During last week’s debate, Hillary Clinton revealed a specific detail about America’s nuclear launch operation procedures.

In trying to make a point about how careless and reckless Donald Trump would be with nuclear codes, Clinton casually mentioned that it takes four minutes for the U.S. to launch a nuclear strike against its enemies.

The comment has proven that Clinton herself cannot be trusted with sensitive nuclear information.

And in case you think it’s just the conservative blogosphere up in arms over her indifference to protecting such information, think again.

Numerous military members are livid that Clinton gave away more “extremely classified” information, and even left-wing echo chambers like CNN are reporting it.

Take a look …

 

Via the Free Beacon:

CNN’s Barbara Starr reported Thursday that the U.S. military is unhappy with Hillary Clinton discussing nuclear weapon launch times during Wednesday night’s presidential debate, calling such information “extremely classified.”

“We went to the military this morning and asked them. A military spokesman told us that they do not discuss operational timelines for launching nuclear weapons,” Starr said. “This is some of the most classified information. I asked Defense Secretary Ash Carter at a press conference earlier today. He declined to answer the question because it involved politics.”

“But here is the bottom line: the U.S. military does not discuss the precise specifics of the time frames of launching nuclear weapons that, by all accounts, is extremely classified,” Starr continued. “And if you know information to be classified and you’re a government official, even if it’s in the open source, even if it’s on the internet, you are not supposed to disclose it.”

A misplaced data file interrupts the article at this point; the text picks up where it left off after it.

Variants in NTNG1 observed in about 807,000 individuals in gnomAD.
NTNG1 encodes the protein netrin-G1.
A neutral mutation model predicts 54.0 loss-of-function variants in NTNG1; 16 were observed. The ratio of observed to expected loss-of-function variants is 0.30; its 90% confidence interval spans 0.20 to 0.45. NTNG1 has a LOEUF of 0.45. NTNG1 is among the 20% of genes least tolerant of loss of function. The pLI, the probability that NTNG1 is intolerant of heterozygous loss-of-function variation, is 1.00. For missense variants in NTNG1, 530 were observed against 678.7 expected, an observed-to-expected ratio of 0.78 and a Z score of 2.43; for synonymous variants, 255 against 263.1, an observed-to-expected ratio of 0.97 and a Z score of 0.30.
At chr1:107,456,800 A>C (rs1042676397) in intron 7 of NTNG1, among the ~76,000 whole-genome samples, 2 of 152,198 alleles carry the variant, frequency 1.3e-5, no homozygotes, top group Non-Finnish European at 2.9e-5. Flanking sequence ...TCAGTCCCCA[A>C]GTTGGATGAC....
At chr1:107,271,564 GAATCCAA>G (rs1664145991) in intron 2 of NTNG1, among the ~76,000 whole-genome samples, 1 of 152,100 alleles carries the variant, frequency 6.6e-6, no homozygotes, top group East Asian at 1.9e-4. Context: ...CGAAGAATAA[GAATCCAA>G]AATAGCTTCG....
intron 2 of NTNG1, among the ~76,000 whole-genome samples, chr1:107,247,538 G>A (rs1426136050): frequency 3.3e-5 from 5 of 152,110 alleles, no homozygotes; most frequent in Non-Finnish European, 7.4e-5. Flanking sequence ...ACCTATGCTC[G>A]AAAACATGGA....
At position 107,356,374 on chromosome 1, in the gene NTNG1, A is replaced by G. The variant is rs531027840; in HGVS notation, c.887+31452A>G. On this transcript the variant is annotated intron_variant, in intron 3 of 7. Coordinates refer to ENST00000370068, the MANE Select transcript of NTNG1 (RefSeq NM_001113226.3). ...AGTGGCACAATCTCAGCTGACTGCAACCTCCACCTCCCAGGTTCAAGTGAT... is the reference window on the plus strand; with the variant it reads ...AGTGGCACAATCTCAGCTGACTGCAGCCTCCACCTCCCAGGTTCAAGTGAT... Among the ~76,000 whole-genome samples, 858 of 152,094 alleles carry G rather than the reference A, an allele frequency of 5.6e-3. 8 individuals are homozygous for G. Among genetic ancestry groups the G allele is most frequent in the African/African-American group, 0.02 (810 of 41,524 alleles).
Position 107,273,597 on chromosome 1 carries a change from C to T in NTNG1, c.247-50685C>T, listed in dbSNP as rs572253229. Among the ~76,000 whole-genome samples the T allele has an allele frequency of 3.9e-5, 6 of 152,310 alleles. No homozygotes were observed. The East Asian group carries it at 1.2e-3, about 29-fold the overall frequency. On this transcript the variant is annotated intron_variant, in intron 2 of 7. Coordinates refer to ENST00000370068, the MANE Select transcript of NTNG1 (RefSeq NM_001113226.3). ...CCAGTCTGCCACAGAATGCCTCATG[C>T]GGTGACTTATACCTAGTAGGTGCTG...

Starr mentioned how unhappy the military is about Clinton’s comment.

“The bottom line is the U.S. military [is] not especially thrilled to be discussing in precise detail what it takes to launch nuclear weapons,” Starr said.

Let’s repeat that one phrase:

If you know information to be classified and you’re a government official, even if it’s in the open source, even if it’s on the internet, you are not supposed to disclose it.

You’re not supposed to strip classified markings off of government documents, provide passwords to unauthorized employees, and move sensitive information to a server in your bathroom either, but that never stopped Hillary before.

In discussing the possibility that what was said on national television might be a crime, the CNN reporter asked, “Could somebody be prosecuted for it?”

She then answered her own question saying, “Who knows, that’s, you know — this is one of these constant questions in Washington nowadays.”

What’s the common denominator in why that question is constantly asked in Washington these days? Hillary Clinton.

Cross-posted at the Political Insider